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You searched for +publisher:"Vanderbilt University" +contributor:("Daniel O. Claassen"). Showing records 1 – 3 of 3 total matches.

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Vanderbilt University

1. Kumar, Kevin Krishan. Investigation of Neuronal Manganese Regulation in Physiology and Disease Using High Throughput Screening, Induced Pluripotent Stem Cells, and Chemical Biology Approaches.

Degree: PhD, Neuroscience, 2014, Vanderbilt University

Manganese (Mn) is both an essential biological cofactor and neurotoxicant. Disruption of Mn biology in the basal ganglia has been implicated in the pathogenesis of neurodegenerative disorders, such as parkinsonism and Huntington’s disease (HD). However, beyond several non-selective transporters, little is known about the intracellular processes regulating neuronal Mn homeostasis. We hypothesized that small molecules that modulate intracellular Mn could provide insight into cell-level Mn regulatory mechanisms. We performed a high throughput screen of 40,167 small molecules for modifiers of cellular Mn content. Utilizing the identified small molecules, we tested for differential regulation of Mn handling in human floor-plate lineage dopaminergic neurons, a lineage especially vulnerable to environmental Mn exposure. We report differential Mn accumulation between developmental stages and stage-specific differences in the Mn-altering activity of individual small molecules, demonstrating cell-level regulation of Mn content across neuronal differentiation. In a parallel study, we sought to reveal any cellular metabolic phenotypes influenced by Mn exposure and/or the mutant HD genotype using an unbiased metabolomics approach. Our analysis revealed metabolic evidence of an interaction between the HD genotype and environmentally relevant Mn exposures in a striatal neural lineage. The metabolic phenotypes detected support existing hypotheses that changes in energetic processes underlie the pathogenesis of both HD and Mn neurotoxicity. Advisors/Committee Members: Aaron B. Bowman (committee member), Joseph S. Neimat (committee member), Michael Aschner (committee member), C. David Weaver (committee member), Daniel O. Claassen (committee member), Kevin C. Ess (Committee Chair).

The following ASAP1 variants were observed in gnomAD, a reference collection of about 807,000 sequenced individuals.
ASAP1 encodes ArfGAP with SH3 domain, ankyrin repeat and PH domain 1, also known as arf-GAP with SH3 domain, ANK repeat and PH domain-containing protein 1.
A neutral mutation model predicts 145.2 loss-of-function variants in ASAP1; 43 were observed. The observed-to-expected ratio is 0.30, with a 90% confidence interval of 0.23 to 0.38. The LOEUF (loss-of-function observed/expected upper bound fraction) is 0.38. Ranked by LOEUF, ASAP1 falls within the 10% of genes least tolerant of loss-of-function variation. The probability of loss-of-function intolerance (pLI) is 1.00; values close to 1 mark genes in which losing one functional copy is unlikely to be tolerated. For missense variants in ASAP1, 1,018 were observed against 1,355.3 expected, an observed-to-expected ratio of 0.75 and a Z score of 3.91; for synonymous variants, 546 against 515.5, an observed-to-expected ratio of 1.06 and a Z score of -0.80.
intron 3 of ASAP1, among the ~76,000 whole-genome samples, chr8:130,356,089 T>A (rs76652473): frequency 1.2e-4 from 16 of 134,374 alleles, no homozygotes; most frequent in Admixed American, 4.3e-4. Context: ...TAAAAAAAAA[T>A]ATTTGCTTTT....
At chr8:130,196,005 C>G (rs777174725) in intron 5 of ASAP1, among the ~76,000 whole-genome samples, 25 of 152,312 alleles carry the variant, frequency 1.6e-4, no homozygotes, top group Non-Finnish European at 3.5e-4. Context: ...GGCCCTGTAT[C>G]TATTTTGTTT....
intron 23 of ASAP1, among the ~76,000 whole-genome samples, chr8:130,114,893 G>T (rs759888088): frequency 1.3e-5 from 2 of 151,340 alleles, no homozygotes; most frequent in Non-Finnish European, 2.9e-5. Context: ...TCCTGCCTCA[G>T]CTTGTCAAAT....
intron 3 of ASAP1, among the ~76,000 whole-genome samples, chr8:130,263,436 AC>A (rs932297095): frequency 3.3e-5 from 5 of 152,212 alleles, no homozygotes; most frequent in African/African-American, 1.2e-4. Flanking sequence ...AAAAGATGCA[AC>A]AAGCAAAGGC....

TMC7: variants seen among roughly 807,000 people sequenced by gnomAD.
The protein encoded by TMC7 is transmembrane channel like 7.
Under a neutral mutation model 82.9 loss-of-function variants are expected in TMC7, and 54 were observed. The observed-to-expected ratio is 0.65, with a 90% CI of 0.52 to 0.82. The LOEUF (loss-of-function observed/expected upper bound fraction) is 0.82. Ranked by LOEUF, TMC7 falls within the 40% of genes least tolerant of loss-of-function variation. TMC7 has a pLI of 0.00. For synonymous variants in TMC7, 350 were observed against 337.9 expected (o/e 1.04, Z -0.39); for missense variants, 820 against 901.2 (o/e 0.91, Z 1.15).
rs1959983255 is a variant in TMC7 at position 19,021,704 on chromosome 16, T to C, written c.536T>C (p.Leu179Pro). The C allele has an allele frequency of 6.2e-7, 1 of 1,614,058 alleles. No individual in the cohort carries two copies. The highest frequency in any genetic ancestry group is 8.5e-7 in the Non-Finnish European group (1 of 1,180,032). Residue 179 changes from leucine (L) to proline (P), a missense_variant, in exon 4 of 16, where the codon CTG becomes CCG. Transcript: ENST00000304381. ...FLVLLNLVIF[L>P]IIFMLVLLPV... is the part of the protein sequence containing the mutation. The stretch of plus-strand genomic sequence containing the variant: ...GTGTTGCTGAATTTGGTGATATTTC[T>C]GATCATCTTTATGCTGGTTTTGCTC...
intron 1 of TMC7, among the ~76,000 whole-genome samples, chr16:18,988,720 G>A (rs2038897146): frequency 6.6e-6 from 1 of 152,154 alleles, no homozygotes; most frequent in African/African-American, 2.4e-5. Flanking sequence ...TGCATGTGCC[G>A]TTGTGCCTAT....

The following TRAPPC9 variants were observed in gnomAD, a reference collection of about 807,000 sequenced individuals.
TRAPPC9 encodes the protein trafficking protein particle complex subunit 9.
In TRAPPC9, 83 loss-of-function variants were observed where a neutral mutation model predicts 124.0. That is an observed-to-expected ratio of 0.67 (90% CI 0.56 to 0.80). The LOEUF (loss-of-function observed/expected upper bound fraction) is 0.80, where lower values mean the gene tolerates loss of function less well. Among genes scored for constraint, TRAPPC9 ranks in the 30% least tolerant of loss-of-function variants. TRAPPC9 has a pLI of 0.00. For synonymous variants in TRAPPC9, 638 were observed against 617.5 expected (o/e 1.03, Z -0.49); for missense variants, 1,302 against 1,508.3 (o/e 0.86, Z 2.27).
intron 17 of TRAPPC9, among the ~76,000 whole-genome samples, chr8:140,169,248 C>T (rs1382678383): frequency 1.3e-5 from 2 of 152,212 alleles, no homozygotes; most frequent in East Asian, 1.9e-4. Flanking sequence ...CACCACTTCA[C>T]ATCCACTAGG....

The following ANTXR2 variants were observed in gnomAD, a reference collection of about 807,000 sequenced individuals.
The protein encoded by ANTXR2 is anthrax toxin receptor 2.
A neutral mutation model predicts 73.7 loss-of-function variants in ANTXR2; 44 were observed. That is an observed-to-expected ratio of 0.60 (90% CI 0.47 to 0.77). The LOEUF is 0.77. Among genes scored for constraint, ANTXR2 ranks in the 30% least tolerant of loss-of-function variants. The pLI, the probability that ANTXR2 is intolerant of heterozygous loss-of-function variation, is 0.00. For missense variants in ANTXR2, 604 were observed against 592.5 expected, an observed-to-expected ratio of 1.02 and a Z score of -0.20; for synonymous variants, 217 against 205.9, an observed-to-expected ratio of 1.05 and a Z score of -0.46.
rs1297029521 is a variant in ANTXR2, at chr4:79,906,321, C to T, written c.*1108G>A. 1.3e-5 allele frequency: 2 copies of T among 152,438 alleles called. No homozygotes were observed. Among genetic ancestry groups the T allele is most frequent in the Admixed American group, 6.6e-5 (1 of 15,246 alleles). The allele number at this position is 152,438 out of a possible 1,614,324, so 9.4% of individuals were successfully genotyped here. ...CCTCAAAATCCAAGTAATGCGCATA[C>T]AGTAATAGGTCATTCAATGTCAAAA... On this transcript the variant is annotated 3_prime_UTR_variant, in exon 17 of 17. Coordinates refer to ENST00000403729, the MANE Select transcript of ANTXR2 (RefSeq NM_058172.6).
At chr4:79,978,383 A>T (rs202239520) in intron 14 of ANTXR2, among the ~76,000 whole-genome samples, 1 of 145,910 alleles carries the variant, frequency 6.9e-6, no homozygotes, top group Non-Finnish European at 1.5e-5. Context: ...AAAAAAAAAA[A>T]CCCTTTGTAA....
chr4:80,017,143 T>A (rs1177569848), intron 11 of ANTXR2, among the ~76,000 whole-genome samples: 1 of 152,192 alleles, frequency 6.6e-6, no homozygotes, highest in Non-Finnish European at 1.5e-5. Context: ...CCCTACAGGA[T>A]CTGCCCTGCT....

Subjects/Keywords: High Throughput Screening; Manganese; Neurodegenerative diseases; Human Induced Pluripotent Stem Cells; Metabolomics

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APA · Chicago · MLA · Vancouver · CSE | Export to Zotero / EndNote / Reference Manager

APA (6th Edition):

Kumar, K. K. (2014). Investigation of Neuronal Manganese Regulation in Physiology and Disease Using High Throughput Screening, Induced Pluripotent Stem Cells, and Chemical Biology Approaches. (Doctoral Dissertation). Vanderbilt University. Retrieved from http://hdl.handle.net/1803/14021

Chicago Manual of Style (16th Edition):

Kumar, Kevin Krishan. “Investigation of Neuronal Manganese Regulation in Physiology and Disease Using High Throughput Screening, Induced Pluripotent Stem Cells, and Chemical Biology Approaches.” 2014. Doctoral Dissertation, Vanderbilt University. Accessed January 15, 2021. http://hdl.handle.net/1803/14021.

MLA Handbook (7th Edition):

Kumar, Kevin Krishan. “Investigation of Neuronal Manganese Regulation in Physiology and Disease Using High Throughput Screening, Induced Pluripotent Stem Cells, and Chemical Biology Approaches.” 2014. Web. 15 Jan 2021.

Vancouver:

Kumar KK. Investigation of Neuronal Manganese Regulation in Physiology and Disease Using High Throughput Screening, Induced Pluripotent Stem Cells, and Chemical Biology Approaches. [Internet] [Doctoral dissertation]. Vanderbilt University; 2014. [cited 2021 Jan 15]. Available from: http://hdl.handle.net/1803/14021.

Council of Science Editors:

Kumar KK. Investigation of Neuronal Manganese Regulation in Physiology and Disease Using High Throughput Screening, Induced Pluripotent Stem Cells, and Chemical Biology Approaches. [Doctoral Dissertation]. Vanderbilt University; 2014. Available from: http://hdl.handle.net/1803/14021